The Kent Corridor
section east of Abbey Wood was dropped in November 2004, based on the North Kent
Line already being near full capacity. Up to four Crossrail trains per hour in
each direction were planned on the stretch to Ebbsfleet. However, concerns were
raised over the reliability of the service, given that Crossrail would have to
share the same tracks as the existing North Kent Line trains. If there were any
delays on this part of the line, it would affect all services running through
the Central Area, particularly in the peak time, when 24 trains per hour in each
direction were proposed. Great Western and Great Eastern corridors were
different in nature to that of Kent, whereby Crossrail trains would be "prime
That is not necessarily the end of Crossrail services reaching Kent proper. On 14th October 2009, the Secretary of State for Transport issued a "Safeguarding Directive" for the route from Abbey Wood to Hoo Junction (three miles east of Gravesend). This ensures that any part of this stretch of line is not redeveloped in a way which would prevent an extension of Crossrail in the future. Gravesend was seen as a more natural place than Ebbsfleet to terminate services, and Hoo Junction would provide overnight stabling for the stock. Between Slade Green and Dartford, quadrupling of the line was seen as a way to eliminate conflicting train movements, should any extension take place.
The provision of a completely new station at Abbey Wood was given formal approval in October 2013. A "high-level" main building, straddling the platforms, is to be built at the eastern end of the layout, facing onto the elevated "Harrow Manor Way". Covered stairs and lifts will take passengers down to platform level. Two island platforms will sit within the four track layout, one dedicated to Crossrail trains, the other to North Kent Line services. A covered footbridge will be constructed midway down the platforms, allowing interchange between the routes without passengers having to trek all the way to the main building. Naturally, overhead catenary masts will sprout from the island serving Crossrail trains; the North Kent surface is destined to receive a glazed v-shaped canopy.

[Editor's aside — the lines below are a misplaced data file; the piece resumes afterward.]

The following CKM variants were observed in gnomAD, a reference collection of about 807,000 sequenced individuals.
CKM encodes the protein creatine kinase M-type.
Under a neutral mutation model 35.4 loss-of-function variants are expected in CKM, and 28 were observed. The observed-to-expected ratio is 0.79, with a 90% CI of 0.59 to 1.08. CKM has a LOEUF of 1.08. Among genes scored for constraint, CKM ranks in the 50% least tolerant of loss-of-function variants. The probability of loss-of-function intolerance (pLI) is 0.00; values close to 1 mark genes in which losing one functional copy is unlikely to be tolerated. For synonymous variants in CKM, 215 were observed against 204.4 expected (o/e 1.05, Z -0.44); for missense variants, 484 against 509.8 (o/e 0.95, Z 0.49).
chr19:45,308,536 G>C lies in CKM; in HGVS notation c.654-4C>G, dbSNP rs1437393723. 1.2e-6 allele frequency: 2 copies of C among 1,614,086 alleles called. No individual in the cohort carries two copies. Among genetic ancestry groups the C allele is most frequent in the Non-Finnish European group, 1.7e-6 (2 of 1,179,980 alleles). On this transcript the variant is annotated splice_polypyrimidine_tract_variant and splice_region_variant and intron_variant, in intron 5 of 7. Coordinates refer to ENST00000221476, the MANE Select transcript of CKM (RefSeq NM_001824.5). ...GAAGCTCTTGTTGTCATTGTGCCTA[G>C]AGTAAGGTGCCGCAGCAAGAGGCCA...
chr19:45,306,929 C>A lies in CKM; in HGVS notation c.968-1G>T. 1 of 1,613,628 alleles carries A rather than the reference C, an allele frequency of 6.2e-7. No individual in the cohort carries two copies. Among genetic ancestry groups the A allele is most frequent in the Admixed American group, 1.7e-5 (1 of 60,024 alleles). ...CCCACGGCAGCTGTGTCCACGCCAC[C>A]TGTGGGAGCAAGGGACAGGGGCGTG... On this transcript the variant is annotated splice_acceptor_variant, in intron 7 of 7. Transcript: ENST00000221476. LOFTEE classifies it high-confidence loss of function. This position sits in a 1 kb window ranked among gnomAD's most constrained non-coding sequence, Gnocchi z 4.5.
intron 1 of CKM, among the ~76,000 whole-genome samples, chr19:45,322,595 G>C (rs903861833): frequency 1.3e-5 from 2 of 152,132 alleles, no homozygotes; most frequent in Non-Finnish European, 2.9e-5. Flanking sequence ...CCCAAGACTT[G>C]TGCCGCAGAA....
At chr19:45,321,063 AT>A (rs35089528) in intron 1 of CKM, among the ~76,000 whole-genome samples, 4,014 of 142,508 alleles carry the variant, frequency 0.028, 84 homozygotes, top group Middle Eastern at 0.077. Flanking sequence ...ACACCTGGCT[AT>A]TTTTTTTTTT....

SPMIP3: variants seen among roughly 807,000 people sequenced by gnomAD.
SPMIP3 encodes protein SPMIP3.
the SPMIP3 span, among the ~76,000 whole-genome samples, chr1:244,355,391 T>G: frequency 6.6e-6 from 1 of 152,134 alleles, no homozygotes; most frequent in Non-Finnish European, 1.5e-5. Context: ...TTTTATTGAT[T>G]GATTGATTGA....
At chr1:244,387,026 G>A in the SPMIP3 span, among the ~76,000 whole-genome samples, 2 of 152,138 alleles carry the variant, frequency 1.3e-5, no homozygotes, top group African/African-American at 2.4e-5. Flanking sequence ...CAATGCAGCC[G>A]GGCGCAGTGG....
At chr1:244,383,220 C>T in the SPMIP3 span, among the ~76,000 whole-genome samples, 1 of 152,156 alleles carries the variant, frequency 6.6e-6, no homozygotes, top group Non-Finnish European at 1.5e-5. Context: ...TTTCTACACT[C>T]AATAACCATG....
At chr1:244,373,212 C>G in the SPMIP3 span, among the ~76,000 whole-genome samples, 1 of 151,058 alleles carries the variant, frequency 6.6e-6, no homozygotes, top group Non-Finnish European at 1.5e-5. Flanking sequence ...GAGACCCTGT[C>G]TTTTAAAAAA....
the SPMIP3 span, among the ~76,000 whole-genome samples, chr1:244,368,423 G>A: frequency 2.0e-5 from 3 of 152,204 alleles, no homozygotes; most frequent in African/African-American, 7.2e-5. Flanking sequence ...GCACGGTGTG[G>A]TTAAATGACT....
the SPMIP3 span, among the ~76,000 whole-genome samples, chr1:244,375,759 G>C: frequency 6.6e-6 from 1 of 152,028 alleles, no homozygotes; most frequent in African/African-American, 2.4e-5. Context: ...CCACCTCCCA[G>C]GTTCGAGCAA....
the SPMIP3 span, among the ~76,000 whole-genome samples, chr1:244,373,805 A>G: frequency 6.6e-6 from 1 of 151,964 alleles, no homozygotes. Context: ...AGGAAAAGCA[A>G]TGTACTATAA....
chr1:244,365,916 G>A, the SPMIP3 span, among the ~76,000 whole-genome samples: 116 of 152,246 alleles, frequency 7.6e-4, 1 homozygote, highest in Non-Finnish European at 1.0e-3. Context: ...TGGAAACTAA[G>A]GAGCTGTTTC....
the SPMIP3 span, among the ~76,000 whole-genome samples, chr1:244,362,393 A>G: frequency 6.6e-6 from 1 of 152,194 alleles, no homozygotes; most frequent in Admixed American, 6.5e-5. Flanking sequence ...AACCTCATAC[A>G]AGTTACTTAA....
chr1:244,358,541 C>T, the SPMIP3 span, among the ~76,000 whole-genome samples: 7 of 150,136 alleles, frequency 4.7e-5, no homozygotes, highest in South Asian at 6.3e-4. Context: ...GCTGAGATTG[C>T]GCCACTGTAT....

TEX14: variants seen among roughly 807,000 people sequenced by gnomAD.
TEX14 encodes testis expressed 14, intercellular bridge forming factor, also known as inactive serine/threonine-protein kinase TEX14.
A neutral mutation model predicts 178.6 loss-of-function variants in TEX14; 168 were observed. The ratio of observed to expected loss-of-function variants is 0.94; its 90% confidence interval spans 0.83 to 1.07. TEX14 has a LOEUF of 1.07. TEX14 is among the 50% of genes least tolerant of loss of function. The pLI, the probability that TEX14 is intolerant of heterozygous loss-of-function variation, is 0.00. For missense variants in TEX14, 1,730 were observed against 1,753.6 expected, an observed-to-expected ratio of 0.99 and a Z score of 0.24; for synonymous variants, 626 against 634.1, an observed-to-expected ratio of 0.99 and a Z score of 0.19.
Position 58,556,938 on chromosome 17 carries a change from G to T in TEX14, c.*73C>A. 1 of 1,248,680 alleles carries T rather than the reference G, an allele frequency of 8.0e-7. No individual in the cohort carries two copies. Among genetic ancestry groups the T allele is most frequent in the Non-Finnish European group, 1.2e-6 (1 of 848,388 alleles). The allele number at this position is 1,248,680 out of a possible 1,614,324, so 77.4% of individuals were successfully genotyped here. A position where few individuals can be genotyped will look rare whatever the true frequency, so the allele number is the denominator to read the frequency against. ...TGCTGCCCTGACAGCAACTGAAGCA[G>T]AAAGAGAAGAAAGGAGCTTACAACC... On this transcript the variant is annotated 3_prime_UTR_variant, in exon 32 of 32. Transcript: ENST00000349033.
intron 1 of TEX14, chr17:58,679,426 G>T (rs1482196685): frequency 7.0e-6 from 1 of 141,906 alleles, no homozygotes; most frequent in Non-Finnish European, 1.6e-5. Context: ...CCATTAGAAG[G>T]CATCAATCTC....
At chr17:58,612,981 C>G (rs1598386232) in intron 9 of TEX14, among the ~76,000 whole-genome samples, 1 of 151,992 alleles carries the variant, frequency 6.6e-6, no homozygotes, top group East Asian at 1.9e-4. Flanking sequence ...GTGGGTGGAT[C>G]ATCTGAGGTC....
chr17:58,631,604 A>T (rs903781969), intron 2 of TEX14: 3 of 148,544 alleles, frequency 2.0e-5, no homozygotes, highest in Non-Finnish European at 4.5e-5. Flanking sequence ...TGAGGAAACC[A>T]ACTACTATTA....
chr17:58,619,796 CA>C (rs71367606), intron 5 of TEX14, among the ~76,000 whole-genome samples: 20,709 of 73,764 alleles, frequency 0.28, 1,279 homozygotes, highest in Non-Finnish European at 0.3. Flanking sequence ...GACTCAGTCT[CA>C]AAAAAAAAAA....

Alterations began in summer 2013, with the extension of both platforms at their western ends using timber. From 18th November of the same year, the station car park behind the "up" platform was closed and subsequently commandeered by machinery and building materials. It was planned for the car park site to house a temporary station, allowing the existing complex to be closed for demolition, and this was scheduled to open in summer 2014.
Over the weekend of 14th/15th June 2014, the "up" line west of the station was partially re-laid on a new alignment; trains started running over this section from the following Monday. The original section of "up" track, now cut-off, remained in situ until being lifted during a subsequent set of engineering works over the weekend of 12th/13th July 2014.
1st July 2014
All station structures in this westward view are to be demolished. The footbridge here was erected in 1977, its components having been salvaged from Blackfriars station during the rebuilding of the latter. © David Glasspool
1st July 2014
This was formerly the ''up'' side car park. The area is planned to accommodate an interim station whilst rebuilding works on the existing site are undertaken. In the distance of this westward view can again be seen the Victorian houses which are to be pulled down. © David Glasspool
14th August 2014
Passengers are seen disembarking from a Cannon Street to Slade Green service in this London-bound view (formed by Class 376 No. 376007). The existing footbridge is dwarfed by the framework of the new structure behind. © David Glasspool
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